|ASSOCIACAO SANTUARIO DE ELEFANTES BRASIL||1001993-45.2019.8.11.0024||This case from Brazil concerns the elephant named "Ramba." Ramba is a former circus elephant who spent more than 30 years at circuses in Chile and Argentina. On October 18, 2019, she arrived at Santuário de Elefantes do Brasil (Brazil Elephants Sanctuary) after a 73 hour trip all the way from Chile. Before Ramba was transferred, Judge Leonísio Salles de Abreu Junior, from the 1st Civil Court at Chapada dos Guimarães, the region where the sanctuary is located in Mato Grosso , Brazil, made a ruling changing her status from a mere "good." The judge prohibited the local Government from charging the sanctuary R$ 50.000 (approximately US $ 13.00) in a tax on movement of goods finding that Ramba is not a thing, and is not a subject to importation good tax. According to an article at https://www.ambientesecom.net/2019/10/24/groundbreaking-decision-of-brazilian-judge-for-captive-elephant, the judge said further, "Her position, far from being a commodity (as she was in the life of exploitation to what she was submitted to by her former owners), is now that of a guest, who seeks for a new destination on the margins of what human evil has already caused her." Attached case is in Portuguese.|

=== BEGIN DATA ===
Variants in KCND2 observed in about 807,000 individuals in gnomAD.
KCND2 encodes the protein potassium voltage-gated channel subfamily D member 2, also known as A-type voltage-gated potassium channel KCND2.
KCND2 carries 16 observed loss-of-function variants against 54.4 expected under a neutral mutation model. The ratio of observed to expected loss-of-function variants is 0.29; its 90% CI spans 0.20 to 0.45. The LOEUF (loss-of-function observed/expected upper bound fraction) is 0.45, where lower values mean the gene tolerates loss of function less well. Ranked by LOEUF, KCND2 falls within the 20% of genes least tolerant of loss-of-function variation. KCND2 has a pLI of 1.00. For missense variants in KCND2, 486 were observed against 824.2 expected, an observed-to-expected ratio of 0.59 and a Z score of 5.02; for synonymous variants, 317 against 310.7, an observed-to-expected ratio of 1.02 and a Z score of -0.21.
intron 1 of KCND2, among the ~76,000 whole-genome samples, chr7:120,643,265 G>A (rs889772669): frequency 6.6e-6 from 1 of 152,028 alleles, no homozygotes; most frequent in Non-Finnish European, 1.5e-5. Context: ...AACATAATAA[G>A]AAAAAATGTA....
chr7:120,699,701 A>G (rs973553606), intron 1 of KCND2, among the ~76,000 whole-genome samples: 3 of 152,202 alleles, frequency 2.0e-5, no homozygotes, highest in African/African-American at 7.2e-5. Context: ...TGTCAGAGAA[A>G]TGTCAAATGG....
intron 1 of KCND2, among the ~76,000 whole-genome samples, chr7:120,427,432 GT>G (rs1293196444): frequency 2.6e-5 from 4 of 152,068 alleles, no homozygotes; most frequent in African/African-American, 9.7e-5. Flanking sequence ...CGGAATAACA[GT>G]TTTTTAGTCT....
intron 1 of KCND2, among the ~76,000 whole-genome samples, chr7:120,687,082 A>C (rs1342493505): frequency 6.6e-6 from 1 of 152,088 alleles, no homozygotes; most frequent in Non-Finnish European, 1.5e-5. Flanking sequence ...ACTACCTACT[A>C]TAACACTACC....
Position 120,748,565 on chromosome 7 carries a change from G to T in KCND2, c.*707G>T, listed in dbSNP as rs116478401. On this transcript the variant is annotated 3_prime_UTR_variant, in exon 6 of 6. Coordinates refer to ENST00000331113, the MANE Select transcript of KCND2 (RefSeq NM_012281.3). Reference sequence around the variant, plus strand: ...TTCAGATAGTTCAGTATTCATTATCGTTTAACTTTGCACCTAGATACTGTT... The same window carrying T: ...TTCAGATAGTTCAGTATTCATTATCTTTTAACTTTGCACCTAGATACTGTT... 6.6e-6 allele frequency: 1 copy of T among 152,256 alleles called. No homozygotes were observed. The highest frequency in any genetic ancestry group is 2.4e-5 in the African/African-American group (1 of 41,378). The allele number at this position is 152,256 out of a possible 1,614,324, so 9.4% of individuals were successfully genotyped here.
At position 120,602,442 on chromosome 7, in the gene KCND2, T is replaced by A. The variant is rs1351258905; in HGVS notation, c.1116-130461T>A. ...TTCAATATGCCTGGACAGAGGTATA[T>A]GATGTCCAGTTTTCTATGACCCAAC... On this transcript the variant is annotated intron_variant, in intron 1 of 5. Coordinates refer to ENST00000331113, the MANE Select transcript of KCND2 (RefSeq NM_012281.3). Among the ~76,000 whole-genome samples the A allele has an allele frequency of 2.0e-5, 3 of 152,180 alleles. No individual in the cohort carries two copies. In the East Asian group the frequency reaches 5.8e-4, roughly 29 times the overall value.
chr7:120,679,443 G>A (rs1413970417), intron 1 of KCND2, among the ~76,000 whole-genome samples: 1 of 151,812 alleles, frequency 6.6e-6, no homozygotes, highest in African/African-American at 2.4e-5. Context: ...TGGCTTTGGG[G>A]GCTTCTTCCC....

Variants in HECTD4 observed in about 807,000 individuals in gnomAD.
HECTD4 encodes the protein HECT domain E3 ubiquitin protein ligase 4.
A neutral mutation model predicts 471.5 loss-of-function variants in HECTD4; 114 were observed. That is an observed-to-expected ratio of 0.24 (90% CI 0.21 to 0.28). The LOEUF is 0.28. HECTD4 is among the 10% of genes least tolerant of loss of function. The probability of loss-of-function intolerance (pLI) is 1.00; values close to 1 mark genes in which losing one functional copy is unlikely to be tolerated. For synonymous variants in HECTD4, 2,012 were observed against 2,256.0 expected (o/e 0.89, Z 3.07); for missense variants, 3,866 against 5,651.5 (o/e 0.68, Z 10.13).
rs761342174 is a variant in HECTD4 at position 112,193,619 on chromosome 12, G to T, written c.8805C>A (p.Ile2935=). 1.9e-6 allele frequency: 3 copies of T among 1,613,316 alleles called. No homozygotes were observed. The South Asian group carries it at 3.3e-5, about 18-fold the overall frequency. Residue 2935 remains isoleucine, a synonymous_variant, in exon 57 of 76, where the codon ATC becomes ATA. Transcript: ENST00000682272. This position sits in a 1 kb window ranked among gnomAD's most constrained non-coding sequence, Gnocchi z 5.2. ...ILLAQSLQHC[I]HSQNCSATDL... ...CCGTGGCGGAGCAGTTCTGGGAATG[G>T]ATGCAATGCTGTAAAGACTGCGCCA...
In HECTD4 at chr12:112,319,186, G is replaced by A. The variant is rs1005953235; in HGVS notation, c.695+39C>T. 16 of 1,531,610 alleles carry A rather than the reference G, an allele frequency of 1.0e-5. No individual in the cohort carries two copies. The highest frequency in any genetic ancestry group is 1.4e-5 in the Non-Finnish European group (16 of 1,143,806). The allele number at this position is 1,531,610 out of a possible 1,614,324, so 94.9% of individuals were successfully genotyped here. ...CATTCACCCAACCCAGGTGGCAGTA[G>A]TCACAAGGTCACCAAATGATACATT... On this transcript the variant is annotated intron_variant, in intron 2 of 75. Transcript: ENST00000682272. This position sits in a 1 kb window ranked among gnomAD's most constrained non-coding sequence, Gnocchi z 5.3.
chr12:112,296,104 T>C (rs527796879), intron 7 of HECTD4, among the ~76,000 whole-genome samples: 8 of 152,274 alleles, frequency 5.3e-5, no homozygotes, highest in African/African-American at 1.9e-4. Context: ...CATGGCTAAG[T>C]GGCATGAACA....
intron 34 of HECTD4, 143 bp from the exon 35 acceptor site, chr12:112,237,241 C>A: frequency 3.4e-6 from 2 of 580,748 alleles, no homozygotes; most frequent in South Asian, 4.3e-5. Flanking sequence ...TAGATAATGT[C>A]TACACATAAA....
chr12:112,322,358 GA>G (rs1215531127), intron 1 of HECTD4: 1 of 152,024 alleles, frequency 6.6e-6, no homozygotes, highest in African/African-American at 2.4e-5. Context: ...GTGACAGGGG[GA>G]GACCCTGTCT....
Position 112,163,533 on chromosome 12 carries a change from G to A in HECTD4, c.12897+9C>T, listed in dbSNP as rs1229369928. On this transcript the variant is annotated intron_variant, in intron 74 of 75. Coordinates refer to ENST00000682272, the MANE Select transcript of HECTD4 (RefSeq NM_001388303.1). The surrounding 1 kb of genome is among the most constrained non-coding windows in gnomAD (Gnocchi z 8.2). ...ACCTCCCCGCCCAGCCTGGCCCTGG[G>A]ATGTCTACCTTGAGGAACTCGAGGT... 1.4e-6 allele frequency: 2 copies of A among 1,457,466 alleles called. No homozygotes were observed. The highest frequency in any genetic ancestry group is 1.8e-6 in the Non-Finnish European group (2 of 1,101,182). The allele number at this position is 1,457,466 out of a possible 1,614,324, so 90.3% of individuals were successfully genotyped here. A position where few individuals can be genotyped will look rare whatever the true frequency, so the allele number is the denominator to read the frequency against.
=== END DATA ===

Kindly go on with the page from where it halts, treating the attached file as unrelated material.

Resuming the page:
|Ass'n des Éleveurs de Canards et d'Oies du Quebec v. Bonta||--- F.4th ----, 2022 WL 1436840 (9th Cir. May 6, 2022)||California prohibits the in-state sale of products that are “the result of force feeding a bird for the purpose of enlarging the bird's liver beyond normal size.” Cal. Health & Safety Code § 25982. The law had a 7.5-year grace period before it went into effect. The law has two components: first, it bans the practice of force-feeding ducks and geese to produce foie gras; and second, the law banned the in-state sale of products that are "the result" of that practice. After nine years of litigation and in their third set of appeals before this Court, the parties ask the court here to decide whether California's sales ban is preempted by the Poultry Products Inspection Act (“PPIA”) or violates the dormant Commerce Clause. As to the first issue of preemption, the plaintiff sellers contend that at least one USDA Policy Book defines foie gras as liver from poultry that has been "specially fed and fattened" and other USDA documents suggest this is done via forced-feeding. Thus, contend the sellers, it is impossible to produce and properly label foie gras, as is required by the PPIA, and then also comply with the California law. The court disagreed with the assertion, finding that the sellers can still force feed birds to make their products, but not sell those in California. Said the court, "The sales ban is neither a command to market non-force-fed products as foie gras nor to call force-fed products something different." Further, the sellers raise a new suggestion that the ban constitutes express preemption because force feeding operates as an "ingredient requirement." Essentially, they contend you cannot have foie gras without force-feeding birds. This was also rejected, as the court found nothing new that would reverse the precedent established in the prior decision by the court. Finally, the sellers appeal dismissal of their dormant Commerce Clause claim, arguing that the sales ban is impermissibly extraterritorial because force-feeding is only banned in California and therefore, only regulates out-of-state conduct. The court dismissed this, noting states are free to regulate commerce within their boundaries provided such regulation does not affect transactions from out of that state. Moreover, the sellers' argument that the ban is "unduly burdensome" for this reason also failed since there is not requirement that a state impose the "least burdensome" method for in-state commerce. The court held that the sales ban is neither preempted nor unconstitutional and that the specified transactions are out-of-state sales permitted by California law.|